one poem from Jen, another from Dylan

to my grandmothers, who I hope never read this (a sestina variation)
By Jennifer Bortner

whenever I see candles, I am your little one again
holding hands in a synagogue of blue velvet
I’m wearing red ribbon pigtails and sequins
at the altar, a man cuts golden bread with sharp silver
and raises a rusted glass lined with gibberish
I am not good at being Jewish

on Friday nights, you embrace your Jewish
and don a tight evening dress again
feign listening to monologues of gibberish
while really mulling lazy eyes over blue velvet
but I forgo the sharp silver
and a frat basement watches me in sequins…

oh, I do love sparkly sequins
but miss the matzah ball soup scent of Jewish
and the freshly polished lines of silver
spoons which won’t be used again
this year. I want to hang drapes of blue velvet
the same royal color that echoed gibberish

in my college apartment less velvety more gibberish
put a disco ball on the ceiling made of silver sequins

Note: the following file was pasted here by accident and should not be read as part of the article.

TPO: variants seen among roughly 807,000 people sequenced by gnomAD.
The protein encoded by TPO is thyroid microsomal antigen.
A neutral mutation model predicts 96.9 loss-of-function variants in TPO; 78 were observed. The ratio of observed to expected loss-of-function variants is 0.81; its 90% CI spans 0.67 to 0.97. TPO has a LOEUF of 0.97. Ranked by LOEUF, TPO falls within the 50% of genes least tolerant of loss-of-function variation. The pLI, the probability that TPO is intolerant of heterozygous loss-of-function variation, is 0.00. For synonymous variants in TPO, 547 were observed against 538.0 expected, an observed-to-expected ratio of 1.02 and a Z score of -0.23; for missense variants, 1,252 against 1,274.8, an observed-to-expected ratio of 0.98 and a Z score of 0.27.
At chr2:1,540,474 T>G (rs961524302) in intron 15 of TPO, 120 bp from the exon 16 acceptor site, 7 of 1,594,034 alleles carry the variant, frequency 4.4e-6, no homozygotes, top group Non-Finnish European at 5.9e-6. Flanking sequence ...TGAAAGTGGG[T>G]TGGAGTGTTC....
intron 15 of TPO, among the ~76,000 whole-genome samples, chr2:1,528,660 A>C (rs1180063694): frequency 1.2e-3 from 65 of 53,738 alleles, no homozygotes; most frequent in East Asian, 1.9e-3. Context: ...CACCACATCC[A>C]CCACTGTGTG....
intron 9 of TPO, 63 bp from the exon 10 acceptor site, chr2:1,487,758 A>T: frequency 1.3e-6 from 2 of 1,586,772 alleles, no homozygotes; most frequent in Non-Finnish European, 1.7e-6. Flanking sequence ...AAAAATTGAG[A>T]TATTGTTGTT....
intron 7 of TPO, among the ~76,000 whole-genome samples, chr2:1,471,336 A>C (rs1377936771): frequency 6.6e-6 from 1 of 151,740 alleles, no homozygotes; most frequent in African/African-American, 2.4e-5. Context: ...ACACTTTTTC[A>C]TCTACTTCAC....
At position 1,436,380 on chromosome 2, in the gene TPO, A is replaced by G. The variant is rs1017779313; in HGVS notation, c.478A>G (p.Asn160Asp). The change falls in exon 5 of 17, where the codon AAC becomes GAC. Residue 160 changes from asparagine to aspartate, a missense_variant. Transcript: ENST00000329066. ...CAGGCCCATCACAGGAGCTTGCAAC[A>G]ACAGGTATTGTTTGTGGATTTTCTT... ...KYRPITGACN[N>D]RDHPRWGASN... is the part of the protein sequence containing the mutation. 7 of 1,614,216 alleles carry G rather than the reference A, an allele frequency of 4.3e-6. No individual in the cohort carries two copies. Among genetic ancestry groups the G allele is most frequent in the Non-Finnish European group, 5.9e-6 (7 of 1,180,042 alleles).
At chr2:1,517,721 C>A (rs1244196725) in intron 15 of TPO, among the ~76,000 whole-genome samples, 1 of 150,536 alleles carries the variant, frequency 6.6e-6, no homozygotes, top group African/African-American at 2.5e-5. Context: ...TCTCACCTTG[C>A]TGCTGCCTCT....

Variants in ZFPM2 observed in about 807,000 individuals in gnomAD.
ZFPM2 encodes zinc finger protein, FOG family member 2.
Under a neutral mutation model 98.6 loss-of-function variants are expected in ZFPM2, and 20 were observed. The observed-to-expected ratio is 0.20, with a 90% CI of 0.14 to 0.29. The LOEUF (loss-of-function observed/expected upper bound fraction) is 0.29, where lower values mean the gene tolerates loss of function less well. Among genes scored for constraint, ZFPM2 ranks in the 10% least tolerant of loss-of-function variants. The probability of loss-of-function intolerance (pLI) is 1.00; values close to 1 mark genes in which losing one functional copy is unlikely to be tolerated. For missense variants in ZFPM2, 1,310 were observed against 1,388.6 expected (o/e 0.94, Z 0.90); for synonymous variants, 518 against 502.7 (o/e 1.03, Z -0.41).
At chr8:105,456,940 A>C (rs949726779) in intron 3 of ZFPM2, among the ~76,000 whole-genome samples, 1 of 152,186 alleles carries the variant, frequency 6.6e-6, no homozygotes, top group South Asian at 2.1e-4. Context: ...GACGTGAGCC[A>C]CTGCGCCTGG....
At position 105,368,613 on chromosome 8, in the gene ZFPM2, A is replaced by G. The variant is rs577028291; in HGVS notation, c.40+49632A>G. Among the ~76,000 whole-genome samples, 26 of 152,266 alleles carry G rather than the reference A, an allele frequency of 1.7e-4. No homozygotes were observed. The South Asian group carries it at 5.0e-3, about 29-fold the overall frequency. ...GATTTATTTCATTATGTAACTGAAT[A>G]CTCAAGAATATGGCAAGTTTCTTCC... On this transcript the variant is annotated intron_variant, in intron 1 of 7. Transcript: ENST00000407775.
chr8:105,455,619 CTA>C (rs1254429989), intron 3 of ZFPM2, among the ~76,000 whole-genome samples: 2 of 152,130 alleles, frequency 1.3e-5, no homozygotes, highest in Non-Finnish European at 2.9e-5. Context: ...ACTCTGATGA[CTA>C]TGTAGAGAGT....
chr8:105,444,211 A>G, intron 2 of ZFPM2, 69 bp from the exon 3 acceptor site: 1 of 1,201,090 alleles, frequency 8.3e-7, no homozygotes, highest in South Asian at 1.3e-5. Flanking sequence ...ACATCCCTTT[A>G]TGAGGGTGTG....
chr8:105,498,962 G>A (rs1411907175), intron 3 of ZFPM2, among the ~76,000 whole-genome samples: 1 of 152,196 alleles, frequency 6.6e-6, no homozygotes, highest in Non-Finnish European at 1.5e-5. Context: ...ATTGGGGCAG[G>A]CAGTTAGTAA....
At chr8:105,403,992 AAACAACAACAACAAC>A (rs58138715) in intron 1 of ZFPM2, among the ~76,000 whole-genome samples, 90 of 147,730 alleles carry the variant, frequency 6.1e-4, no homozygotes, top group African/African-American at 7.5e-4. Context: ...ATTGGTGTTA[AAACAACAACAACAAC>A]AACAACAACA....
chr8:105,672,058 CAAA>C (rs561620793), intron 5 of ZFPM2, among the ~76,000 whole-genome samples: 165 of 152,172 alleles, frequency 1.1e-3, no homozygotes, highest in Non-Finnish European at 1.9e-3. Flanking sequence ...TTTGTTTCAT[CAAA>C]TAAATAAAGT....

and try to be good at being Jewish again

my mexican grandmother married a white guy
By Dylan Rossi

put the jalapeños in slowly. you can never
take spice out once it’s been ground
up into raindrop-sized specks and it’s been
blended into your guacamole

but you can always add more, my grandmother
tells me I ought to cook for my mom, I
ought to learn how to make enchiladas
the way she does when we visit her

place in Boston. you can always add
a brand new shopping center with the new
developments rising as if this were an oven.
as if I am cookie dough. my chocolate

chips are dipped in salsa and sour
cream or rice laid bare in tortillas
splayed out begging for my mouth that does not
speak Spanish. Still I misunderstand. How

can I be more than I am? How can the tomato plant
on my grandmother’s balcony ever grow something
other than tomatoes? I suppose I can pick them. Pick
them, dice them, mix them in with jalapeños and try
to remember only what I’ve been fed.